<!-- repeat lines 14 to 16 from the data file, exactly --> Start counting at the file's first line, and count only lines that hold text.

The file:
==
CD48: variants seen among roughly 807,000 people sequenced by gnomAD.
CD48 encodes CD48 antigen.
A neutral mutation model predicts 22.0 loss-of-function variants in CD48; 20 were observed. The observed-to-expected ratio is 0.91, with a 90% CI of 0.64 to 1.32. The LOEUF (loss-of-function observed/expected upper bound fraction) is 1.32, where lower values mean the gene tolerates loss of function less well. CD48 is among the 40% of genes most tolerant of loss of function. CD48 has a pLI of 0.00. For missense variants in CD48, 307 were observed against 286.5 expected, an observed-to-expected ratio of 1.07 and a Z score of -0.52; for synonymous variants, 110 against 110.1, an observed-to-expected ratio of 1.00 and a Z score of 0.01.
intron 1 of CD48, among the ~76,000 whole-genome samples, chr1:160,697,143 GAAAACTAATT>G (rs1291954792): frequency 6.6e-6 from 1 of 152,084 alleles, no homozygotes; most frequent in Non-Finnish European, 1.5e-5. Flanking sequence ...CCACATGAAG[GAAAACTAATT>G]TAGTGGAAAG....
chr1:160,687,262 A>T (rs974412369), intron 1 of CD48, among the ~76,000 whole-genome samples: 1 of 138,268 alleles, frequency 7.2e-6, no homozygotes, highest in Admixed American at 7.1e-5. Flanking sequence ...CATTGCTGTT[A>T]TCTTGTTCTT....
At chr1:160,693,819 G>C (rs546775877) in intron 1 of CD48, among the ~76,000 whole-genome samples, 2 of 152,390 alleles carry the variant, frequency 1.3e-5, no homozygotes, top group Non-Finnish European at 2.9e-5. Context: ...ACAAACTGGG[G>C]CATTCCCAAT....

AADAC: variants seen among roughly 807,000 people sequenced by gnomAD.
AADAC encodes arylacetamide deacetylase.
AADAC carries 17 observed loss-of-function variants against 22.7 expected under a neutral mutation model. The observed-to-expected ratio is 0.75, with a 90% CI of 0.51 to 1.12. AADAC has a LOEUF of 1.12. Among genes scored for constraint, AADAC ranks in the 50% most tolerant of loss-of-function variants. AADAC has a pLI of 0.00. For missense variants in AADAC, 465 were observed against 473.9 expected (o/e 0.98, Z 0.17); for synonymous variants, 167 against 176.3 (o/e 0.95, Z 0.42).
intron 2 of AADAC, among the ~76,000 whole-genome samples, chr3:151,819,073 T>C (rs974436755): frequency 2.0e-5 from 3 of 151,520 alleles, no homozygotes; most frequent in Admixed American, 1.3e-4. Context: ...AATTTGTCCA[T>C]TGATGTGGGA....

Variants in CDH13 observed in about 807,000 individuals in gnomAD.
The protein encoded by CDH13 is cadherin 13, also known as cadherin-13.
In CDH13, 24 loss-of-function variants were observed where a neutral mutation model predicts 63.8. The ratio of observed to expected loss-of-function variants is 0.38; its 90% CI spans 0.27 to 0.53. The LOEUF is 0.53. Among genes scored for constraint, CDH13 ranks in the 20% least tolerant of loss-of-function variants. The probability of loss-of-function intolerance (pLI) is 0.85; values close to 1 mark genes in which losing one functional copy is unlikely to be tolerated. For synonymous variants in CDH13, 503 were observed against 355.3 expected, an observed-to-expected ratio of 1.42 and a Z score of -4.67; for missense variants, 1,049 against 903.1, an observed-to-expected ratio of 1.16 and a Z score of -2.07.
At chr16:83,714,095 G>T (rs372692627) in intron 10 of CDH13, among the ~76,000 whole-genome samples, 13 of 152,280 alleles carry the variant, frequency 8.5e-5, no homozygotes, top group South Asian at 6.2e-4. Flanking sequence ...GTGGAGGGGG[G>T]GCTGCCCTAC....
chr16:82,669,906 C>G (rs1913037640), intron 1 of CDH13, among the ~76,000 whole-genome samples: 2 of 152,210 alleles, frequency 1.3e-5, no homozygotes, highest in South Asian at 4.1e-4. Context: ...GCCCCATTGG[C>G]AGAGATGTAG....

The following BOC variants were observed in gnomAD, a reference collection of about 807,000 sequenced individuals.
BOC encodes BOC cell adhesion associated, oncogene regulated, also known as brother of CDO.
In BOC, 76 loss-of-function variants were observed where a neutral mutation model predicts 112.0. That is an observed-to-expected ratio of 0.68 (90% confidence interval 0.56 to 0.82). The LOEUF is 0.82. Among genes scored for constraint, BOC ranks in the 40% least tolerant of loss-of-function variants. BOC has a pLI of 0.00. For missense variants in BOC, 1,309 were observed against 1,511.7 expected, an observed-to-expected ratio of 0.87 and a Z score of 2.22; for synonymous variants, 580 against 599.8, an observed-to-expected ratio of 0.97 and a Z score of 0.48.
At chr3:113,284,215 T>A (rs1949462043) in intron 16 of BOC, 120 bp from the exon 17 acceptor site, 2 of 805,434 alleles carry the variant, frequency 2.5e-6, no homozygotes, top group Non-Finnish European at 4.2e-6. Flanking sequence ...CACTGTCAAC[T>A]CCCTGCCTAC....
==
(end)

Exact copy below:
At chr16:83,714,095 G>T (rs372692627) in intron 10 of CDH13, among the ~76,000 whole-genome samples, 13 of 152,280 alleles carry the variant, frequency 8.5e-5, no homozygotes, top group South Asian at 6.2e-4. Flanking sequence ...GTGGAGGGGG[G>T]GCTGCCCTAC....
chr16:82,669,906 C>G (rs1913037640), intron 1 of CDH13, among the ~76,000 whole-genome samples: 2 of 152,210 alleles, frequency 1.3e-5, no homozygotes, highest in South Asian at 4.1e-4. Context: ...GCCCCATTGG[C>G]AGAGATGTAG....

The following BOC variants were observed in gnomAD, a reference collection of about 807,000 sequenced individuals.